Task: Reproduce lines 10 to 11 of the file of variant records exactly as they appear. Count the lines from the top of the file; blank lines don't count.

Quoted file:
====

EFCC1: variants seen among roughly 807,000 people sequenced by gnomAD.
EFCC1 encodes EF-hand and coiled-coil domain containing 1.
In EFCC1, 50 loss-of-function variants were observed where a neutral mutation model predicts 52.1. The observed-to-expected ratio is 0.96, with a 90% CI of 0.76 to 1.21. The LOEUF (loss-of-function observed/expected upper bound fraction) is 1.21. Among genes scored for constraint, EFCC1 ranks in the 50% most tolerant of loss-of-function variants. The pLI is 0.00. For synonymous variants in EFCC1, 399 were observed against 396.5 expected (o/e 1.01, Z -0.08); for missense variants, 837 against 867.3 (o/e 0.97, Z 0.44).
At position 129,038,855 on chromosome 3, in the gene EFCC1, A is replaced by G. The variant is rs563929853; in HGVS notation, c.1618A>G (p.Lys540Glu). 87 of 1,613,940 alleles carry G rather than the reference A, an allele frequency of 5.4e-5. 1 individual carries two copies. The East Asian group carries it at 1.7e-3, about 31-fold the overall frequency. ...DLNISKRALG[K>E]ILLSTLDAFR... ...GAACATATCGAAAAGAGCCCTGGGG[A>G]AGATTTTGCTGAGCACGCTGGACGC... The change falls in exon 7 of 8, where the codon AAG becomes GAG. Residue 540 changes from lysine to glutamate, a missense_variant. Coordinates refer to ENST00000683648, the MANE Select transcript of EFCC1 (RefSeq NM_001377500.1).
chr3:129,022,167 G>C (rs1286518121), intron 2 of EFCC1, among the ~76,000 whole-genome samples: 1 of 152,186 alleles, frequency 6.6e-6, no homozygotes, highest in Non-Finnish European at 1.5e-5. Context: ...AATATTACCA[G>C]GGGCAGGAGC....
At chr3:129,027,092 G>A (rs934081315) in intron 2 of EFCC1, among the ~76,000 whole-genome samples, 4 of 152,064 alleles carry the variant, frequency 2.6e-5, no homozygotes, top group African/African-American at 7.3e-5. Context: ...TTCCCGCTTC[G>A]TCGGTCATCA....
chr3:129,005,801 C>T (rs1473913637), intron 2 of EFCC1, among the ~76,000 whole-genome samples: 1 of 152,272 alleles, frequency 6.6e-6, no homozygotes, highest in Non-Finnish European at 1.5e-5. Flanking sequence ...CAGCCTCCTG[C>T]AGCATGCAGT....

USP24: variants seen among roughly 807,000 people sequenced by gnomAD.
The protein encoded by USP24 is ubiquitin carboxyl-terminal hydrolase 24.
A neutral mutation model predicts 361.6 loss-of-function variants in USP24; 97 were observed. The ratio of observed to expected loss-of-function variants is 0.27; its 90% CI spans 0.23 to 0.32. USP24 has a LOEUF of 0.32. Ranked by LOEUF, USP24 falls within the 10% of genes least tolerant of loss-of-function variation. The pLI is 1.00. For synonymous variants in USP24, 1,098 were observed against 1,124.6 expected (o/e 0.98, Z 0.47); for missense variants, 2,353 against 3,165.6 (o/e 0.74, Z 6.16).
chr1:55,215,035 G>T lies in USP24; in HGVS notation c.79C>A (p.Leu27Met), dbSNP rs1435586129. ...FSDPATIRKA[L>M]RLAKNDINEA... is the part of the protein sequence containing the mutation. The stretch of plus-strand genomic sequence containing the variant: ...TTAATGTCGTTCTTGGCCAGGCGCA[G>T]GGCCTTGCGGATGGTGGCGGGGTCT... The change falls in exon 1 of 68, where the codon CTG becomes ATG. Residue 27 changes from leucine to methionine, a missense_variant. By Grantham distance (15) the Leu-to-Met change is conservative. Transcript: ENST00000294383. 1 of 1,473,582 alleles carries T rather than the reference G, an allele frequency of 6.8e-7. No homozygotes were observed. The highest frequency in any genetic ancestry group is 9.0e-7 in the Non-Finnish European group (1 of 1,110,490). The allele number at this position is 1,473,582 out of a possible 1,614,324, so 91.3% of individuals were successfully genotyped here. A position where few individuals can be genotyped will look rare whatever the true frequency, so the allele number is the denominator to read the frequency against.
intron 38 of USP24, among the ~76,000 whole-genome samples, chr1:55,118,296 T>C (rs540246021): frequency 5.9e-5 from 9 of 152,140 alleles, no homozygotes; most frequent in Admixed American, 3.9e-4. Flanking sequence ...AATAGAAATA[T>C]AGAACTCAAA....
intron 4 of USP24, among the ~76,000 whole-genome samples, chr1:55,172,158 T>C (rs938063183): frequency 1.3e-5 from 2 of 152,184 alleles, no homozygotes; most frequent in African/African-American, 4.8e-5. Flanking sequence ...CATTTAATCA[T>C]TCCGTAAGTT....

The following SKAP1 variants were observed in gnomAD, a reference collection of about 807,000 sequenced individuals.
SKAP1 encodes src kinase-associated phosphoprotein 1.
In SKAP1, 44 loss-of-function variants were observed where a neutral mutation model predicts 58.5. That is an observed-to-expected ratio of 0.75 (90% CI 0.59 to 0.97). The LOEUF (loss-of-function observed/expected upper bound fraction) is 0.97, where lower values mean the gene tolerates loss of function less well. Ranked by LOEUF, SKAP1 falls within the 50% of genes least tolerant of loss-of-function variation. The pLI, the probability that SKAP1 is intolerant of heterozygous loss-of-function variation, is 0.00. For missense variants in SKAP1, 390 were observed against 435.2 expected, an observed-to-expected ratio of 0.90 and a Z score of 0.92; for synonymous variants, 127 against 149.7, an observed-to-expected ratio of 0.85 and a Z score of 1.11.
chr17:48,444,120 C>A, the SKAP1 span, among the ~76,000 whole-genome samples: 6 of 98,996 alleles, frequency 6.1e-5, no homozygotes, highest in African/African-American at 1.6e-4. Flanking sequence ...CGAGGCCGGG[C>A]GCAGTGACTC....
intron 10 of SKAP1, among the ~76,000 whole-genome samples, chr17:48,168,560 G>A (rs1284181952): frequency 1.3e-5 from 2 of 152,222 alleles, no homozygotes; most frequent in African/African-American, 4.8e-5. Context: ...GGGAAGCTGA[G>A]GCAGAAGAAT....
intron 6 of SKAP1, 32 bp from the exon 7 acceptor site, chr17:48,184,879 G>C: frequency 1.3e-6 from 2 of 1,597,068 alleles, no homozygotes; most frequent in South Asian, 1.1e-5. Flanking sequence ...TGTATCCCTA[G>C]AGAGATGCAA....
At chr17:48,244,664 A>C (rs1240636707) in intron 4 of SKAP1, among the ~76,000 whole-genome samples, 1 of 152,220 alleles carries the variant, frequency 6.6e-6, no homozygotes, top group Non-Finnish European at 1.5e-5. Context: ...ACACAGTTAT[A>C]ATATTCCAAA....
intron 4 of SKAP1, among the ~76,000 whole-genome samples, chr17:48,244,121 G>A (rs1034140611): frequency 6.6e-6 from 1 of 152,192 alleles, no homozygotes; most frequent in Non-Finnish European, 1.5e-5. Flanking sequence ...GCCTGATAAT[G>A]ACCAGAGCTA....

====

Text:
A neutral mutation model predicts 361.6 loss-of-function variants in USP24; 97 were observed. The ratio of observed to expected loss-of-function variants is 0.27; its 90% CI spans 0.23 to 0.32. USP24 has a LOEUF of 0.32. Ranked by LOEUF, USP24 falls within the 10% of genes least tolerant of loss-of-function variation. The pLI is 1.00. For synonymous variants in USP24, 1,098 were observed against 1,124.6 expected (o/e 0.98, Z 0.47); for missense variants, 2,353 against 3,165.6 (o/e 0.74, Z 6.16).
chr1:55,215,035 G>T lies in USP24; in HGVS notation c.79C>A (p.Leu27Met), dbSNP rs1435586129. ...FSDPATIRKA[L>M]RLAKNDINEA... is the part of the protein sequence containing the mutation. The stretch of plus-strand genomic sequence containing the variant: ...TTAATGTCGTTCTTGGCCAGGCGCA[G>T]GGCCTTGCGGATGGTGGCGGGGTCT... The change falls in exon 1 of 68, where the codon CTG becomes ATG. Residue 27 changes from leucine to methionine, a missense_variant. By Grantham distance (15) the Leu-to-Met change is conservative. Transcript: ENST00000294383. 1 of 1,473,582 alleles carries T rather than the reference G, an allele frequency of 6.8e-7. No homozygotes were observed. The highest frequency in any genetic ancestry group is 9.0e-7 in the Non-Finnish European group (1 of 1,110,490). The allele number at this position is 1,473,582 out of a possible 1,614,324, so 91.3% of individuals were successfully genotyped here. A position where few individuals can be genotyped will look rare whatever the true frequency, so the allele number is the denominator to read the frequency against.